Episode 264: Laila Biali


Vancouver-born and Toronto-based, Laila Biali has toured with some of the biggest names in music, from Sting to Suzanne Vega. The pianist/singer is also a well regarded color performer in her own right, having released seven albums, including a new eponymous record, which debuted in January. The album’s first single, “Refugee,” follows the plight of a child, the same age as her son, caught up in the Serbian refugee crisis. In addition to performing, Biali is also the host of CBC Radio 2’s Saturday Night Jazz, a weekly four-hour show that explores the broad expanses of the genre. In this interview, we discuss the state of jazz in 2018, programming music for a diverse audience and life on the road with a young child.


Episode 263: Alec Ounsworth (of Clap Your Hands Say Yeah)


A decade after releasing Some Loud Thunder, Clap Your Hands Say took the album back on tour. A lot has changed for the band in the intervening ten years, of course — not the least of which is the fact that frontman Alec Ounsworth remains the band’s only consistent member. The short stint of shows kicked off after the band finished touring for The Tourist, the group’s most critically acclaimed record since breaking through as the poster children for blog rock. After that self-titled release, Some Loud Thunder fell on somewhat deaf ears — mostly a victim of the band’s own seemingly overnight success. I met up with Ounsworth on the final night of the tour, after watching the band meticulously reinterpret the album’s songs in sound check, so many years after their initial release.  The atmosphere put the singer in the perfect position to talk about those early years and his still evolving approach to writing a song.


Episode 262: Luke Lalonde (of Born Ruffians)


2018’s Uncle, Duke and the Chief finds Born Ruffians performing with their original lineup for the first time in half a decade. Such a return is always an important turning for a band, but it takes on an extra weight for the trio, who began performing together as 15-year-olds in a small Ontario town. It’s a clearly joyful experience for the band, who managed to tap into the initial excitement that fueled the group in their earliest days. According to frontman Luke Lalonde, that sense of pleasure is an essential part of the music making process. Sure the fuel for the songs often comes from ideal circumstances, but he adds that he’d rather hang it up than feel as if he’s simple going through the motions. In this conversation, the front discusses the songwriting process and taking inspiration where you can get it.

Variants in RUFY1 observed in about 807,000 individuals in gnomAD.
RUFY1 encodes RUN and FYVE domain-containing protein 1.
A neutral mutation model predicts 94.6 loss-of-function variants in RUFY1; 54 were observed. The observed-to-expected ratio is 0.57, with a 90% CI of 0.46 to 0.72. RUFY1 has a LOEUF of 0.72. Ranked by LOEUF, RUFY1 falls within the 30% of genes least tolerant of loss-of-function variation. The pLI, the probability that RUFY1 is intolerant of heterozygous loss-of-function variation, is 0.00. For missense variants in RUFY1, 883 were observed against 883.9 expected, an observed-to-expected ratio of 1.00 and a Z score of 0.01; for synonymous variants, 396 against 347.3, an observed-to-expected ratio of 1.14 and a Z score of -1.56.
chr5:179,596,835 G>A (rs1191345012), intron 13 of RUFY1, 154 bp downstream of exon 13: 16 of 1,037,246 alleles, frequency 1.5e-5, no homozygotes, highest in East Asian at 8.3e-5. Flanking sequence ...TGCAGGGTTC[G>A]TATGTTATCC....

Episode 261: Elizabeth Powell (of Land of Talk)


In May of last year, Land of Talk returned after a seven year hiatus. At the height of her powers, following tours with bands like Broken Social Scene and The Decemberists, Elizabeth Powell took a break. Between her vocal polyp and a laptop crash that result in the loss of an album’s worth of demos, it was time to step away. Of all things, however, it was yet another personal tragedy that ultimately brought the music back. Powell’s father suffered a major stroke, and Powell began playing again as a kind of rehab. Her father pleaded for her to start making music again, and the resulting record, Life After Youth was became one of her strongest and most personal to date. We caught up with Powell, ahead of a show opening for a reunited American Football to discuss the healing power of making music.


Episode 260 (Bonus): Minus the Bear


Five years between in records is a drop in the bucket for many groups. For Minus the Bear, however, it marks the longest gap between albums in the band’s 17 year history.  The making of Voids was marked by both personal and professional changes, as the group shuffled members and began to settle down and have kids. But there’s a fresh energy on the record, kicked off by “Lass Kiss,” which find the band in peak form. It’s a document of a band that still has has something to say. In this short interview, the group sat down back stage, following an opening slot for The Silverspun Pickups in Brooklyn to discuss changing dynamics and Donald Trump.



Episode 259: Elise LeGrow